of foreign governments as prepara
tion for the building of future in
ternational policies.
No U.S.-Kussian War
When asked about the possibil
ities of a. war between Russia and
the United States, Kerensky
laughed. He thinks that is a "very
stupid idea." “There is no great
competition or rivalry between the
two countries. Why should they
fight a war?” he asked.
He believes that the “big three"
will continue to collaborate on in
ternational problems after the wo#
Will Fight Japan
“It is inevitable that Russia will
enter into the war against Japan
before long," Kerensky stated. Rus
sia has had special interests in
the Far East since the 17th op-,
tury and trouble with Japan lor
almost that length of time.
One student asked, "are the ip
lomats that Russia, has been -• Tid
ing to Bulgaria, Romania. and "h-i
er countries part of a plan In*,
future annexation to Russia?'' Ken
ensky retorted that the puij.osu
was undoubfedly to enlarge The*
field of communistic influence in-*
ther than to make plans for any;
Kerensky said that, while Ri sria.
was a totalitarian state, its rrricv
concepts of communism were no,
different from the communist ic#i
ideologies of any other count ry.
namely that the state is recognii.t d*
as supreme. The provisional gov
ernment of 1917, of which he \ ,r-«»
president, was based on democ
racy, "freedoms,” and proto, ml
(Please turn to pane jour)
UO Cover Girl
To be Selected;
Identity Secret
The most photogenic woman on
the campus, the coed whose full
page picture on the front page of
the annual spring edition of the
Emerald, will make her the most
popular pin-up girl in the Univer
sity, will be chosen today when all
candidates in the Emerald cover
girl contest appear before the
judges. According to Annamac
Winship, Emerald business man
ager, the identity of the winner
will be kept secret until the spring
edition rolls off the press.
Three faculty members, consid
ered by the Emerald staff as best
qualified to judge feminine beauty
from the camera angle, will judge
the contestants this afternoon at
4:50 in the men's lounge in Ger
linger. Leonard L. Jermain, gradu
ate instructor in journalism; J. W.
Teter, manager of the University
photography bureau, and Dr. L. S.
Bee of the sociology department,
are the judges.
(Please turn to page (our)
Today’s World
German defenses before the
Rhine, U. S. ninth army forces
blasted ahead more than 10 miles
to the banks of the Erft river
almost to the edge of the Ruhr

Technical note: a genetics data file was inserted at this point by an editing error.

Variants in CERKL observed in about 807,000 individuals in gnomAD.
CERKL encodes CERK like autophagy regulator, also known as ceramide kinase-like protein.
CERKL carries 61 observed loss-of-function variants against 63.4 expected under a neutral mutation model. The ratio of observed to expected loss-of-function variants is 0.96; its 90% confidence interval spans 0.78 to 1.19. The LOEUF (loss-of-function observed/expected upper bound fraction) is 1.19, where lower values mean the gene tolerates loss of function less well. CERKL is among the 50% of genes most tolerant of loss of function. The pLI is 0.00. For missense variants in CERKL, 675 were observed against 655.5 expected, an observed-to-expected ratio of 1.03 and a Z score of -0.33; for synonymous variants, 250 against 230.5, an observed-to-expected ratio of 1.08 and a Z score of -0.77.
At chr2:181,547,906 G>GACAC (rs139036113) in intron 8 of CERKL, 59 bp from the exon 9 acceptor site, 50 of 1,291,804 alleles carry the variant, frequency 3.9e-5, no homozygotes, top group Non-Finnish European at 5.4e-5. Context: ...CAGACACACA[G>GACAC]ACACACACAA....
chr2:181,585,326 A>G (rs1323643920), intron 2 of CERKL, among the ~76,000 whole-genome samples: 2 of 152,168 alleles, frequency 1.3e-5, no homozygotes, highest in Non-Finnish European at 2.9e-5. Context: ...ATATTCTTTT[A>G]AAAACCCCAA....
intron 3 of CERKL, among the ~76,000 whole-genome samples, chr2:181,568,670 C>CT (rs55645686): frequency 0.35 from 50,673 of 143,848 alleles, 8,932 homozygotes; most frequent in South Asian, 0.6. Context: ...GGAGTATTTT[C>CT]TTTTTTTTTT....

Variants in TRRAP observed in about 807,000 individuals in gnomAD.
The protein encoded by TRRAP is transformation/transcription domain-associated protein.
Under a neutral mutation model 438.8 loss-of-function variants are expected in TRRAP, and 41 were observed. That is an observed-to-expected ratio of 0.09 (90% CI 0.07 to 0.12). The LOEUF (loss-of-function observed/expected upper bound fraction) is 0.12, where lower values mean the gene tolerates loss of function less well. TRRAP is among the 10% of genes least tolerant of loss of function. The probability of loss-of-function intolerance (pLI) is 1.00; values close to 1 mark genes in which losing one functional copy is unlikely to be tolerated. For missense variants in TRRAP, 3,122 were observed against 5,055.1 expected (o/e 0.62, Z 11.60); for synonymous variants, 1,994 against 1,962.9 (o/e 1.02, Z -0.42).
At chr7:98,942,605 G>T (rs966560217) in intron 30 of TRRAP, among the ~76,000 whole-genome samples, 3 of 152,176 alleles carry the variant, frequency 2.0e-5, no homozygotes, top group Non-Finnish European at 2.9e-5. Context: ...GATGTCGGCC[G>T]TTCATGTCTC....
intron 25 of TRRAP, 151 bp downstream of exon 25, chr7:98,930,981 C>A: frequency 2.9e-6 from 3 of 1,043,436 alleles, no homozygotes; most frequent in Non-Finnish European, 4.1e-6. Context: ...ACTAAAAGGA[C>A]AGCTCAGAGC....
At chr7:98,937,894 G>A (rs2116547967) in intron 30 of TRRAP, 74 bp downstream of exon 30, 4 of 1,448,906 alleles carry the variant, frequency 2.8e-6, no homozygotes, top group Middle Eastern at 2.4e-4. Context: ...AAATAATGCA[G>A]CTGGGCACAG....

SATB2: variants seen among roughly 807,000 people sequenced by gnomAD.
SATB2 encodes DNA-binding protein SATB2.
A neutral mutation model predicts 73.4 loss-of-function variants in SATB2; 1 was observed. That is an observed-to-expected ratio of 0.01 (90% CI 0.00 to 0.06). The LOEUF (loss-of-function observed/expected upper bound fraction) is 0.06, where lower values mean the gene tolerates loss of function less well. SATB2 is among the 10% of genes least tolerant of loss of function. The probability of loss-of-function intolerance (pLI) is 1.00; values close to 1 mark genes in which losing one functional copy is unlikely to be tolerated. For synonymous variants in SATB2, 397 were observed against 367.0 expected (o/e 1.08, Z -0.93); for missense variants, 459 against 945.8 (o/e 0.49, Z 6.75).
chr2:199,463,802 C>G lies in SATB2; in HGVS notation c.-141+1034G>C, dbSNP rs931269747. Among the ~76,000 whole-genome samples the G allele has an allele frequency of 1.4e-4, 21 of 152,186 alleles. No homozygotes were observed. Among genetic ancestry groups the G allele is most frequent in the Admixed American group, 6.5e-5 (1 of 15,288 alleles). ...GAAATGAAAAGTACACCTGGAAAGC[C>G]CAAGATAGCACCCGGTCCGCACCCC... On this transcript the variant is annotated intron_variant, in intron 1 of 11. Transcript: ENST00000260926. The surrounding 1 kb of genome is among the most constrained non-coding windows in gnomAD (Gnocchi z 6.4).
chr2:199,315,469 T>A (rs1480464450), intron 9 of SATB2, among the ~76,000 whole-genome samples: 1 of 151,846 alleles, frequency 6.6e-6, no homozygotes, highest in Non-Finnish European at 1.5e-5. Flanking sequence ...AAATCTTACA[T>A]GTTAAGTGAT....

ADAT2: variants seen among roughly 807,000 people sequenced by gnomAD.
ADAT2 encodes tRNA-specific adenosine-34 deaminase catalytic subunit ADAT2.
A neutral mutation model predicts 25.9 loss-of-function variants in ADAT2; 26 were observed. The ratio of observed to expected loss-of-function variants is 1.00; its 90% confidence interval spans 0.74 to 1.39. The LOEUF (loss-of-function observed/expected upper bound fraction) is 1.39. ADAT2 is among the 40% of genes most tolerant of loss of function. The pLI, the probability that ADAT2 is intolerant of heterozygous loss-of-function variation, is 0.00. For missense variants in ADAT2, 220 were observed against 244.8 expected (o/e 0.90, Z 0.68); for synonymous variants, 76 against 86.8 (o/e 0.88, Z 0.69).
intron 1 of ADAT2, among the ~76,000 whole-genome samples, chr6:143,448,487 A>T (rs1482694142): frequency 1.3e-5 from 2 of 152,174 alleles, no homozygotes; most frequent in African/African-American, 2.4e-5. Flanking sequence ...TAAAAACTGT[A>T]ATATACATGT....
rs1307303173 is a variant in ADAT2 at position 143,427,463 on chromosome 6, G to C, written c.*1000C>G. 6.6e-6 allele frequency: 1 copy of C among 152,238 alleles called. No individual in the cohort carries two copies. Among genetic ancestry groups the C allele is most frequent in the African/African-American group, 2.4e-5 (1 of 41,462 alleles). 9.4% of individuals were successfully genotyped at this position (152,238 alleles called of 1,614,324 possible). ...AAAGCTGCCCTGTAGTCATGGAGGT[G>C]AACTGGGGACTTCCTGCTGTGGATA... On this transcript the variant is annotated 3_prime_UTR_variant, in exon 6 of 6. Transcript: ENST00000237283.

industrial basin. Official sources
described the Germans as being
in “extreme confusion.”
troops to. the north broke tlie
Hochwald line where the Ger
mans have their last defenses
before the northwest corner of
the Ruhr.
nounced Tuesday that the Red
army had broken through the
defenses of central Pomerania
and smashed 43 miles westward'
into the heart of the German
complete occupation of Verde is
land off the southern tip of
Luzon, American forces secured
control of the western end of the
central Philippines water route.
Portland radio personality who will speak to women journalists at
the annual Matrix Table banquet Friday, March 2.
Radio Star Will Speak
At Matrix Table Banquet
“The Future of Women in Radio” will be the subject of Vero:
Kneeland’s speech at the annual Matrix Table banquet March.2.
Mrs. Kneeland writes and produces the program “Hospitality
House” for a Portland radio station.
She attended the University in 1926 and 1927 studying jcur
nalism. In 1929 Mrs. Kneeland,
whose maiden name was Glenna!
Heacock, entered the field of radio
as a singer. Following this she did
a woman’s variety show which she
wrote and produced.
Recently she has been commen
tator for several women's pro
grams specializing in interviews
of visiting personalities and food
and household hints. Formerly she
was dirfector of women’s activities
for one of the larger Portland sta
In addition to her professional
life Mrs. Kneeland maintains a
home for her husband and young
Marian Lowry, Guest
Marian Lowry, graduate of the
University in the class of 1930 ar.d
now a reporter for the Eugene
Register-Guard, will be the hon
ored guest at Matrix Table, Dorisi*,
Montag, chairman of the dinu<
announced Tuesday.
Outstanding high school studenls
selected to attend the banquet hid
Nancy Beltz, University high,
school and Harriet Ellon Harper,
Eugene high. These girls wf in
chosen on the basis of their wo.ic.
in journalism.
All junior and senior women irv
the school of journalism are in
vited to attend. Those desiring
tickets should contact Dear. Georgo '
Turnbull’s secretary at his off!co
in the journalism school. Also, any^
alumnae of Theta Sigma Phi wh«t
have not received invitations ami.
wish to attend should call tha
dean's office. t